Mark seeks transitions—what most people avoid, certainly around leadership and the environment—and loves them. He shares them with the world. Listening to his podcast and reading his results, they’re working.
Change can make for a great life, as much as most people prefer to do what they always have. You’ll hear him embracing challenges, learning, seeking understanding. He seeks action and people who act.
He’s just over 21, but I hear experience beyond those years, I think because of the challenges, and doing them publicly. Putting yourself out there forces accountability on you, which gets the job done. I recommend it.
On personal change, he recognizes that emotion, not the outside world, is usually the biggest hurdle. This view, applied to environmental leadership, points to working on the beliefs and emotions driving our environmental problems for solutions.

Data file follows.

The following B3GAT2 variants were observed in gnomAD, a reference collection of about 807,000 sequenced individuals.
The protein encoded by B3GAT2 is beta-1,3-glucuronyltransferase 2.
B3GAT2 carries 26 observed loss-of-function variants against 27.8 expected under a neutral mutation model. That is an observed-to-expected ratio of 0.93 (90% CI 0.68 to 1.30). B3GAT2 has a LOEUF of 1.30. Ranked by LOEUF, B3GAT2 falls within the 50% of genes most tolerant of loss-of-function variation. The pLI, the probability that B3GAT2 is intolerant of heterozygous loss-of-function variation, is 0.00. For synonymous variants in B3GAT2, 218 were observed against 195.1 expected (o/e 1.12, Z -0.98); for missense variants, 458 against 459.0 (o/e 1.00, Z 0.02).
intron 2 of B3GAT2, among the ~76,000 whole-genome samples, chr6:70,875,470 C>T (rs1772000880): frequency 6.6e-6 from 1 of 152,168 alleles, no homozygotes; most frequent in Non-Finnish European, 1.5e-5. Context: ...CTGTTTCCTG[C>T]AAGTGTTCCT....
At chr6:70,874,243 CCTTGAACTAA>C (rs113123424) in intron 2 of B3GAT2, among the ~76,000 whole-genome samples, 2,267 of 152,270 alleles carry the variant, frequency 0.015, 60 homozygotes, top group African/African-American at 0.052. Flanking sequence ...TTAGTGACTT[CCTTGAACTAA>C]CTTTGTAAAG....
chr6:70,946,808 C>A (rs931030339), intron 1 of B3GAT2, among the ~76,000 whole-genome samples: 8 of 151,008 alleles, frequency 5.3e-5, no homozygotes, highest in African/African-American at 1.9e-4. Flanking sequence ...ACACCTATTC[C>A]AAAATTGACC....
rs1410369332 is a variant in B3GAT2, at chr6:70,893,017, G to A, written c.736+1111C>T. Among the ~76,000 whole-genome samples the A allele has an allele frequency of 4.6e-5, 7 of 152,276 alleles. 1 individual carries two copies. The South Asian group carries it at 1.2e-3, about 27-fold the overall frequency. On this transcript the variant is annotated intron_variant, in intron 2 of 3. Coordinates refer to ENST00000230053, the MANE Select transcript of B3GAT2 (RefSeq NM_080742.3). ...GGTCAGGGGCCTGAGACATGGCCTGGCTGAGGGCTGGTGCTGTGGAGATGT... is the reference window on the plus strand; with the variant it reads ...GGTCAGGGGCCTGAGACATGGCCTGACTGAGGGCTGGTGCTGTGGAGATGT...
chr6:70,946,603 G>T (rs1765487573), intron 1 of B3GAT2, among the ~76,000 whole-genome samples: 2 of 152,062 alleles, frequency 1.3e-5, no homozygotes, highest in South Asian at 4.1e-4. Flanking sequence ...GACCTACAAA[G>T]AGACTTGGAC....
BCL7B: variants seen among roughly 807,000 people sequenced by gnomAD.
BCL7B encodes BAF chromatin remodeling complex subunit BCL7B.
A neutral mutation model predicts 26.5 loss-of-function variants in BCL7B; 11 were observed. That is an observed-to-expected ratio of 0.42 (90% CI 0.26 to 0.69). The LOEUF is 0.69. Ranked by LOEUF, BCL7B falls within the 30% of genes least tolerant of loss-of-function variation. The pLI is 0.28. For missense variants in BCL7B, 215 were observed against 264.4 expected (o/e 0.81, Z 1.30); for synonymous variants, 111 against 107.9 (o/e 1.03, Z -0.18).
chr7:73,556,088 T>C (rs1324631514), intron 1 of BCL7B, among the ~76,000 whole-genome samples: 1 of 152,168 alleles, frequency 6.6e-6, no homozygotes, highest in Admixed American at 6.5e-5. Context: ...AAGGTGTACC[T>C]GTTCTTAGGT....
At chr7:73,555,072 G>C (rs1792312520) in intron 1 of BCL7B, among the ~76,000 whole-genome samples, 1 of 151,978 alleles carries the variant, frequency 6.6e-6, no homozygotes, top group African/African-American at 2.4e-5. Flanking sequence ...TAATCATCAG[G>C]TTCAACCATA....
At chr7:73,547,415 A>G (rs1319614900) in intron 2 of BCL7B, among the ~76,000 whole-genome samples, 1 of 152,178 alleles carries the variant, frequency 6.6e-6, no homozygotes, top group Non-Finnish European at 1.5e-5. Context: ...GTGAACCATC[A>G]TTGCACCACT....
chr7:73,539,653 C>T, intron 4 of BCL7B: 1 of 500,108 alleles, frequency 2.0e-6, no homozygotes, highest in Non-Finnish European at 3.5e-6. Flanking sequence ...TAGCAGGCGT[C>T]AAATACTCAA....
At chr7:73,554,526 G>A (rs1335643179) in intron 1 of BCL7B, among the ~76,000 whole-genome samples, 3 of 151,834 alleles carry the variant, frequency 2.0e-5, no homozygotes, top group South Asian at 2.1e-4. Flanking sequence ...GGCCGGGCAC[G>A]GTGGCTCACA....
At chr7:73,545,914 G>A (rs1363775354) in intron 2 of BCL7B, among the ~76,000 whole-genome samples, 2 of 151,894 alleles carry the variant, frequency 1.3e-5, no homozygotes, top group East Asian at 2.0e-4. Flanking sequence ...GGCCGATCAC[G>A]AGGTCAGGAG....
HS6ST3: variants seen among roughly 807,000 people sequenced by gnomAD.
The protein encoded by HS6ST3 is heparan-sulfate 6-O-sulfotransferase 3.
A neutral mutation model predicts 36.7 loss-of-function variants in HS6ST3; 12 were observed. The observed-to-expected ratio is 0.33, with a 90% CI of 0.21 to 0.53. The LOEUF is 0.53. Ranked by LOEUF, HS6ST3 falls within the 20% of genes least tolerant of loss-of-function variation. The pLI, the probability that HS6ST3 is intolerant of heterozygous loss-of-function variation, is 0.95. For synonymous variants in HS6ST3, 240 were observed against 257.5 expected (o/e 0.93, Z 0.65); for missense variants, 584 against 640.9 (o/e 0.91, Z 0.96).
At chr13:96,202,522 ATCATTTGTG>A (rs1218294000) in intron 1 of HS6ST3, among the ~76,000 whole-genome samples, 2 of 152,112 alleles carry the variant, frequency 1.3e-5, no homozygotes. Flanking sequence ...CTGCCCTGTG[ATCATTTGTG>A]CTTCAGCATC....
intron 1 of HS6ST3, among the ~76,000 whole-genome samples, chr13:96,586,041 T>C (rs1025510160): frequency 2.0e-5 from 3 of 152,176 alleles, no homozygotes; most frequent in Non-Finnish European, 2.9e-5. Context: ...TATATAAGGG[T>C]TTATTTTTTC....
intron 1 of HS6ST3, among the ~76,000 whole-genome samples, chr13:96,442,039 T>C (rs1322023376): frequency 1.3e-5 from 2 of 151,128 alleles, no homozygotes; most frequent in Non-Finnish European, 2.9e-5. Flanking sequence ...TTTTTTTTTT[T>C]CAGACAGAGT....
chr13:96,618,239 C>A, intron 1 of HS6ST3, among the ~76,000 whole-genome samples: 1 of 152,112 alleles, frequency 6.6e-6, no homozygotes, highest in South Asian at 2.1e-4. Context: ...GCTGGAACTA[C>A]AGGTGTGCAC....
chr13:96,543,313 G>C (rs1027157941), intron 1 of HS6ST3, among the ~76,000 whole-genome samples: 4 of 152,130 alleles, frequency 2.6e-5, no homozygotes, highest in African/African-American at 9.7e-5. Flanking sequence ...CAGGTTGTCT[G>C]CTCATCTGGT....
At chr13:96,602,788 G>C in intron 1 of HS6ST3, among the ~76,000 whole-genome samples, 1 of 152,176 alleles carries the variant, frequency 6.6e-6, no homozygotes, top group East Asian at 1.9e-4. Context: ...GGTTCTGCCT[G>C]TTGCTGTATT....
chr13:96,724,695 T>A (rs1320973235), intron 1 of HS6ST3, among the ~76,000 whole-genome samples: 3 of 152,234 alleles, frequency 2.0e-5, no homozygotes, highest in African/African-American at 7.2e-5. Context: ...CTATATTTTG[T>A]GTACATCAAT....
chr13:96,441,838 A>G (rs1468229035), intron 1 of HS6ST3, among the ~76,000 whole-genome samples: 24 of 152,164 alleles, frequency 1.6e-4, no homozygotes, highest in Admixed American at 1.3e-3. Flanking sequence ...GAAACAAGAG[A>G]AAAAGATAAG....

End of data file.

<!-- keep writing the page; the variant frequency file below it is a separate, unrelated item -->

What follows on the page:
Too many of us look to others to act first or relying on technology—that is, not to where Mark looks. Our culture treats acting on your values as a chore. Listen to Mark to hear the joy, growth, meaning, purpose, and things I think we want in life more than plastic bags. Acting on your values is not a chore.
Yes, parts of change are hard. Very hard. You’ll hear the decisions he’s had to make, though you have to listen hard because he’s mostly overjoyed.
I’m glad he was as open on the environment as he was because I think he shared what many are too scared to: that he doesn’t know much about the environment.
But for all he didn’t know, he still cared. Environmental action isn’t a matter of expertise or facts. Anyone can compare a garbage dump to a forest and figure out which you want more of. The question is do we act.
Mark has acted so far in life. Let’s hear how he approaches environmental action.